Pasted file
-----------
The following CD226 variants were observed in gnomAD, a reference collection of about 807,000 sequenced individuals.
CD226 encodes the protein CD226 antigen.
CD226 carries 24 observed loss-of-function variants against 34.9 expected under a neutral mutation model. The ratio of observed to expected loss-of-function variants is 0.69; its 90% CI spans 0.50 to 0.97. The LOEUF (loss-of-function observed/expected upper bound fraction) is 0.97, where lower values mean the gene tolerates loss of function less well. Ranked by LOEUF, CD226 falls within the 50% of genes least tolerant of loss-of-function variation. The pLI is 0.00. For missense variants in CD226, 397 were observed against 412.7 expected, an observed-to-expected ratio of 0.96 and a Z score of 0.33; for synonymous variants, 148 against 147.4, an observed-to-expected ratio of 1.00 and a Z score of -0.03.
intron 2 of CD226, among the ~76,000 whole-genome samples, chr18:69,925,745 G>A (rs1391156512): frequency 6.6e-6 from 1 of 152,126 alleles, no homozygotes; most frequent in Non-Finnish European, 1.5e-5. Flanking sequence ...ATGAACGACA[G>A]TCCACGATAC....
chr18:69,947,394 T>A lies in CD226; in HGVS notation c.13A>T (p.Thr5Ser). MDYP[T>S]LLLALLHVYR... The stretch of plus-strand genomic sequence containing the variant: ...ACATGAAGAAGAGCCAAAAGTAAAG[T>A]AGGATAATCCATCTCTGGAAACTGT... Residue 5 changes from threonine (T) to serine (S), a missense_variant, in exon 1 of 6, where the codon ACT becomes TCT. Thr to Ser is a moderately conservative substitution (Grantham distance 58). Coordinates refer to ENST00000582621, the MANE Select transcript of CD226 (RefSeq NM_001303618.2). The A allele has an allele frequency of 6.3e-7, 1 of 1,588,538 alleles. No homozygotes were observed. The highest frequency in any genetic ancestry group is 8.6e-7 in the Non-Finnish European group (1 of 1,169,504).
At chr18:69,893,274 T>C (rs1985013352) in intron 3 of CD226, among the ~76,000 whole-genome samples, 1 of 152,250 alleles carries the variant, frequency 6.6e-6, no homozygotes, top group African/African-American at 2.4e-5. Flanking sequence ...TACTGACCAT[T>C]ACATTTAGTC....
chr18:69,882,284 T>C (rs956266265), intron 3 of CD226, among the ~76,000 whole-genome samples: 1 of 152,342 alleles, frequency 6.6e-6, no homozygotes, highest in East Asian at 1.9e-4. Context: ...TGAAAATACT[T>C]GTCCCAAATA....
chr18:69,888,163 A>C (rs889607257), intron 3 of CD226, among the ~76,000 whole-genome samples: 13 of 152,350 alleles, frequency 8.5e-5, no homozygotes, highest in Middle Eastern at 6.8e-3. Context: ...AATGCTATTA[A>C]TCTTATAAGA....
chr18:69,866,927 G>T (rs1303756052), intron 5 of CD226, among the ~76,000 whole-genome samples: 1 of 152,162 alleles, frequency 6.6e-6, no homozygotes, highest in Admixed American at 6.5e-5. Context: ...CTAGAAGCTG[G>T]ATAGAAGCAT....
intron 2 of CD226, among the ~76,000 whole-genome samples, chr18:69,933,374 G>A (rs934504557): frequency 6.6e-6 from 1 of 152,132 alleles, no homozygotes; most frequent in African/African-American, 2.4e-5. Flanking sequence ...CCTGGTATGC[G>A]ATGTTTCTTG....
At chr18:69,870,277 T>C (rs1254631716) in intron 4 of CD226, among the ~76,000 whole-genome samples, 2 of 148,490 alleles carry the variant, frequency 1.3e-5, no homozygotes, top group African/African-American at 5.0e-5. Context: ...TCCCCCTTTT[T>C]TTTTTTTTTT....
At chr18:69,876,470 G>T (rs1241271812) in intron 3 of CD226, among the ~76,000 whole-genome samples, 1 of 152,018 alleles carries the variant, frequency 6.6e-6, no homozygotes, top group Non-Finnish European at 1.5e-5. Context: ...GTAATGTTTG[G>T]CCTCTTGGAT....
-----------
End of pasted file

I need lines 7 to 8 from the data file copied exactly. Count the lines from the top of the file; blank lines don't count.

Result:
chr18:69,882,284 T>C (rs956266265), intron 3 of CD226, among the ~76,000 whole-genome samples: 1 of 152,342 alleles, frequency 6.6e-6, no homozygotes, highest in East Asian at 1.9e-4. Context: ...TGAAAATACT[T>C]GTCCCAAATA....
chr18:69,888,163 A>C (rs889607257), intron 3 of CD226, among the ~76,000 whole-genome samples: 13 of 152,350 alleles, frequency 8.5e-5, no homozygotes, highest in Middle Eastern at 6.8e-3. Context: ...AATGCTATTA[A>C]TCTTATAAGA....